How Much Should You Put Down on a House



Gone are the days when you needed a 20% down payment to get a mortgage loan.

There are mortgage programs today that offer down payments as low as 3%.

But, how much should you put down on a house?

This article explores the down payment requirements for each type of loan, the advantages, and disadvantages of putting 20% down, how to choose how much you should put down.

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When You Should Use a 20% Down Payment

If you have 20% saved for the down payment and you won’t go broke by putting that amount down then getting a conventional loan and avoiding mortgage insurance is the best loan option for you. A 20% down payment allows you to avoid PMI of any kind with a conventional loan only.

With mortgage insurance premiums costing as much as 1% of the loan amount, equaling tens of thousands of dollars in savings in just the first 10 years.

Buying a House with 20% Down vs. 5% Down

Let’s say you’re buying a home that costs $300,000. Let’s see how that mortgage loan looks with a conventional loan with 20% down compared to putting 5% down. You are saving $20,000 on private mortgage insurance alone.

Conventional loan with 20% down

  • 20% Down payment
  • 4% interest rate
  • $1,145.80 principal and interest payment
  • $1,795 total mortgage payment
  • No PMI
  • $172,486 total interest paid

 

Conventional loan with 5% down

  • 20% Down payment
  • 4% interest rate
  • $1,360  principal and interest payment
  • $2,280 total mortgage payment
  • $19,575 total of PMI payments
  • $208,062 total interest paid

 

20% saves you:

  • $200 a month on PMI payments
  • $19,575 savings by not having PMI
  • $36,250 in interest charges

 

A conventional loan with 20% down will save you roughly $200 a month on PMI payments. The mortgage insurance premiums will start to come down as the loan balance gets lower. PMI is automatically dropped from a conventional mortgage when the loan-to-value ratio reaches 78%.

Pros and Cons of Using a Larger Down Payment

Pros

Cons

No private mortgage insurance (PMI) with at least 20% down

Less money in savings

Lower monthly mortgage payment

First-time homebuyers have to wait longer to buy while saving for a large down payment

Pay less interest over the life of the loan

Less money you can invest and earn compound interest

Down Payment by Loan Type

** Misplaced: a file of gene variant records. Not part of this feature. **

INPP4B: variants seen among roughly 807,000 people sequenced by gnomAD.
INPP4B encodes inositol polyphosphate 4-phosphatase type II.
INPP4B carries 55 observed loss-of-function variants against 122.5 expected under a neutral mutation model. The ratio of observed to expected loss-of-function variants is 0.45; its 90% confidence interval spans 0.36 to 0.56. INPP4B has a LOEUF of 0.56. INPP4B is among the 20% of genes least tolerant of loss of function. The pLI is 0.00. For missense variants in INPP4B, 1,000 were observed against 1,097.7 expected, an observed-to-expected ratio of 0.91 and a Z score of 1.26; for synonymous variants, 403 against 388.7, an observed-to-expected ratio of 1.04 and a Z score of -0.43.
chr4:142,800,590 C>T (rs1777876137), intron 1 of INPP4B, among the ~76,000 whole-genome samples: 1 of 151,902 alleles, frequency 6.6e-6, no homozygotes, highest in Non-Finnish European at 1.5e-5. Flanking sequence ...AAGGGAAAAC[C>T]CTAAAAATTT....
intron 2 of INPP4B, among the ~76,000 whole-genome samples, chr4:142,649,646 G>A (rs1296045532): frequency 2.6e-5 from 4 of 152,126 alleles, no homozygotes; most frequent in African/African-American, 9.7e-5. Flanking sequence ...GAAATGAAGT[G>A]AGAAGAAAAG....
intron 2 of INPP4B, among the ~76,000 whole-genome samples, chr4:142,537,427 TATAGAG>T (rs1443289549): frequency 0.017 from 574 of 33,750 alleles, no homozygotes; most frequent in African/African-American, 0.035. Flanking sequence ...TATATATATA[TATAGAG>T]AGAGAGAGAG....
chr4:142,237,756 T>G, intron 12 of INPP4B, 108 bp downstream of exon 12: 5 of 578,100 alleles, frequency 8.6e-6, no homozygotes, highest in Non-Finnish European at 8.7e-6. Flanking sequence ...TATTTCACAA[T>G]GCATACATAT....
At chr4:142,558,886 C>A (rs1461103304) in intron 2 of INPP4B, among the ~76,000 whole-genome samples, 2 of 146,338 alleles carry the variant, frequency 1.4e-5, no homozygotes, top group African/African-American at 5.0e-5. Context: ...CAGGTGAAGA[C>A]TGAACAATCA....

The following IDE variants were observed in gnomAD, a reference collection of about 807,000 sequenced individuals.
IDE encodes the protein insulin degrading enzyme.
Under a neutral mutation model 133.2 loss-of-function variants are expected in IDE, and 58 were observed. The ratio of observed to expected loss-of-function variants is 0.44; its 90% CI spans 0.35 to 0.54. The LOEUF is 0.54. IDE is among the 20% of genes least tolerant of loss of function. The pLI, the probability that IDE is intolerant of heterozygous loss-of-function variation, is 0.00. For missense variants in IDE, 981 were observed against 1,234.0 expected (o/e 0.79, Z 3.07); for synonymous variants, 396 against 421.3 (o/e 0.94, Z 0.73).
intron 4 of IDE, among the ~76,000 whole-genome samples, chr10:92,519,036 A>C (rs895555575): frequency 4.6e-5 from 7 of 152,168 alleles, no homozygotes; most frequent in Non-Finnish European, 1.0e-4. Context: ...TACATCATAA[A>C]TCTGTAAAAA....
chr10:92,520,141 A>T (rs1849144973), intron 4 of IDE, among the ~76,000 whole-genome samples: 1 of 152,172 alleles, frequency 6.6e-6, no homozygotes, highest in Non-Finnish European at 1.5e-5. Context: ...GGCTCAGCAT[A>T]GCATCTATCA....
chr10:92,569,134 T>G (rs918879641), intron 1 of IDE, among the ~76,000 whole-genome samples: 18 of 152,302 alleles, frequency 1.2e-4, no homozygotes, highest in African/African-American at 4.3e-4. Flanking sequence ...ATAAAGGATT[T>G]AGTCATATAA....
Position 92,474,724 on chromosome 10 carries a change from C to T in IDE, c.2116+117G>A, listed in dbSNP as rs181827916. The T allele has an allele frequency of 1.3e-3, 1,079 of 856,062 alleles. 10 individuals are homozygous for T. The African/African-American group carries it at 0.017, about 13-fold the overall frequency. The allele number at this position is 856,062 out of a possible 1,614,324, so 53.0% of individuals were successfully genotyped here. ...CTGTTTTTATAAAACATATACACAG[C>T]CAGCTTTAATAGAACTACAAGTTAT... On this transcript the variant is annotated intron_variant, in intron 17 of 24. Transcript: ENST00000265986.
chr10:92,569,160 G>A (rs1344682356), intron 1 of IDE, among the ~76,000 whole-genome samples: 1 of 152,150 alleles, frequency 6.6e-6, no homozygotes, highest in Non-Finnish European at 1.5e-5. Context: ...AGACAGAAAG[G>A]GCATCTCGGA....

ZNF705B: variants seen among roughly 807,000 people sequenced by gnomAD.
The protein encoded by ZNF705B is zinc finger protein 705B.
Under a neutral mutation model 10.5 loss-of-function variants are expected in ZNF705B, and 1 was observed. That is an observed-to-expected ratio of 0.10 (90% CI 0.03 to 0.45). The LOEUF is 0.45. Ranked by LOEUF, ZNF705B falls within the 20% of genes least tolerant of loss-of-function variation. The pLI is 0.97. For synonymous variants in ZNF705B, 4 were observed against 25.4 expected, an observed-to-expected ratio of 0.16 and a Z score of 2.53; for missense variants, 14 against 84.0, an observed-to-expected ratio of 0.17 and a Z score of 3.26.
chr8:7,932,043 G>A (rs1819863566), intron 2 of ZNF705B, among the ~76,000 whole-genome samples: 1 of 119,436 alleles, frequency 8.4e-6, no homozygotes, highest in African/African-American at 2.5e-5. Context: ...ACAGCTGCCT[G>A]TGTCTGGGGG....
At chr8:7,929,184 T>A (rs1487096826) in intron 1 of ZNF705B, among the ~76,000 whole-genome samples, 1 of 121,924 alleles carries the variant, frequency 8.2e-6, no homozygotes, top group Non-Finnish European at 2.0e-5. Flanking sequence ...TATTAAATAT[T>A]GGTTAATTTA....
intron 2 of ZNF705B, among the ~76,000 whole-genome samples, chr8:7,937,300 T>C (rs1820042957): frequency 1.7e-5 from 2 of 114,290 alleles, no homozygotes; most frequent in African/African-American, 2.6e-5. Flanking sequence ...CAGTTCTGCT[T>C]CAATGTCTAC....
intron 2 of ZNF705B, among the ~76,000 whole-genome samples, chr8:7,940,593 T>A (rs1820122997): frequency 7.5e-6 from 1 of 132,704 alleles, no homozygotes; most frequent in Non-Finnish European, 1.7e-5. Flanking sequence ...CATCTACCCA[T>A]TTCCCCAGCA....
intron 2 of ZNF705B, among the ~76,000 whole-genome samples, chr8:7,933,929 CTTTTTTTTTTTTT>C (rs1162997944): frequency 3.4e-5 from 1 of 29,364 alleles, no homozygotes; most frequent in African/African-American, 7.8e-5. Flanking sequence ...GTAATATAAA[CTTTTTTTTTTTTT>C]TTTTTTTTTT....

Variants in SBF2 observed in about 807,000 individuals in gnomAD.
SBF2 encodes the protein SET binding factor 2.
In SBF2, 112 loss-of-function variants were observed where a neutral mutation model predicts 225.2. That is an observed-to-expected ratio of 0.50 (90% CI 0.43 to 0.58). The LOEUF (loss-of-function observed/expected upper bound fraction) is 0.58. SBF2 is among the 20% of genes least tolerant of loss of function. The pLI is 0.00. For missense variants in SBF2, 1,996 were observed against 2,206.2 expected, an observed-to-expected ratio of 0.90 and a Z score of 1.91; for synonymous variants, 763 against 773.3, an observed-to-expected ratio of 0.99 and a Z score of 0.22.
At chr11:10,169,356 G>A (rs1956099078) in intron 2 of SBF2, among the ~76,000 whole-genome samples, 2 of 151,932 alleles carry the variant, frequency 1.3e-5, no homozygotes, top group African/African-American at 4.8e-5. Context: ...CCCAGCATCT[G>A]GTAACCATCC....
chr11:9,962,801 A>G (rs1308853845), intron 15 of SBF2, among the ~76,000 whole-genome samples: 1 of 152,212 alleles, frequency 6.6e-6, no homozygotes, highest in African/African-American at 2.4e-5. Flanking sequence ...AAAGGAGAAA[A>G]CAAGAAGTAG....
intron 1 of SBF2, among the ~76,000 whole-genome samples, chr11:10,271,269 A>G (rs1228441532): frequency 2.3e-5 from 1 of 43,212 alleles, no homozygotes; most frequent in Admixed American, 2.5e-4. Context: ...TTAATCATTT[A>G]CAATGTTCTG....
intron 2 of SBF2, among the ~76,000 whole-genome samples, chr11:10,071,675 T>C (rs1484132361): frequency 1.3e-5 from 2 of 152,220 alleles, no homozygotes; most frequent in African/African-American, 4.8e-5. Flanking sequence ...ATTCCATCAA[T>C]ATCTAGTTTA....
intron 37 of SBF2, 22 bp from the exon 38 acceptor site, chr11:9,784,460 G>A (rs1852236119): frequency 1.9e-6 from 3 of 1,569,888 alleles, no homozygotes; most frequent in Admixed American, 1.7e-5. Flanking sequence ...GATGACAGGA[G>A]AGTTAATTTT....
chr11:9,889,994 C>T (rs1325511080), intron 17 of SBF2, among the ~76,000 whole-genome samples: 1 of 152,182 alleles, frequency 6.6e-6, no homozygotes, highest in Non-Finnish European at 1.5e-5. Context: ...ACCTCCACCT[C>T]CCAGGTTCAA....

Down Payment Requirement by Loan Type

FHA Loan

3.5% with 580 score (10% down with 500-579 score)

USDA Loan

No down payment

VA Loan

No down payment

203k Loan

3.5%

Conventional Loan

5% - 20%

Conventional 97 Loan

3%

HomeReady Loan

3%

Home Possible Loan

3%

FHA Loans – 3.5%

Credit Score

Down Payment

500-579 credit score

10% down payment

580+ credit score

3.5% down payment

FHA loans require just a 3.5% down payment if you have a 580 credit score. The problem is that mortgage insurance will be required for the life of the loan. With a MIP rate of 0.85% of the loan amount, this will add up over the years and will ultimately cost you tens of thousands of dollars more than if you had gotten a conventional loan.

VA Loans – No Down Payment

If you’re a veteran of the U.S. military you may be eligible for a VA loan that requires no down payment. The real advantage of VA loans is that no mortgage insurance is required so if you qualify there are no real benefits of putting 20% down besides a lower monthly mortgage payment.

USDA Loans – No Down Payment

If you are buying a home in a rural area of the country you may be eligible for a USDA loan if your income does not exceed 115% of the area median income. Requiring no down payment and a mortgage insurance premium of just 0.35% they are much cheaper than your typical mortgage loan.

203k Loans – 3.5%

203k loans are a type of home rehabilitation loan that provides funds to purchase a home plus up to $35,000 to make repairs or renovations. A 3.5% down payment is required and mortgage insurance will be required for the life of the loan.

Home Possible & HomeReady Loans – 3%

The Home Possible and HomeReady loan programs are designed exclusively for first-time homebuyers whose income does not exceed 100% of the area median income and require just a 3% down payment.

Conventional Loans – 5% – 20%

Conventional loans do not require mortgage insurance if you have at least a 20% down payment. This can save borrowers tens of thousands of dollars over the course of the loan. You may be able to get a conventional loan with just 5% down.

Piggyback Loans – 10%

A piggyback loan is actually two loans in one. An 80-10-10 piggyback loan is one loan for 80% of the purchase price, a separate loan for 10%, leaving the borrower to come up with 10% down. The reason for doing this is to avoid having to pay private mortgage insurance while still putting just 10% down, instead of 20%.

Jumbo Loans – 10%-20%

A jumbo loan is a loan that exceeds the conforming loan limits in your area. This non-conforming loan has higher borrower requirements than typical mortgage loans because of their increased risk. Most jumbo loans require between 10%-20% down.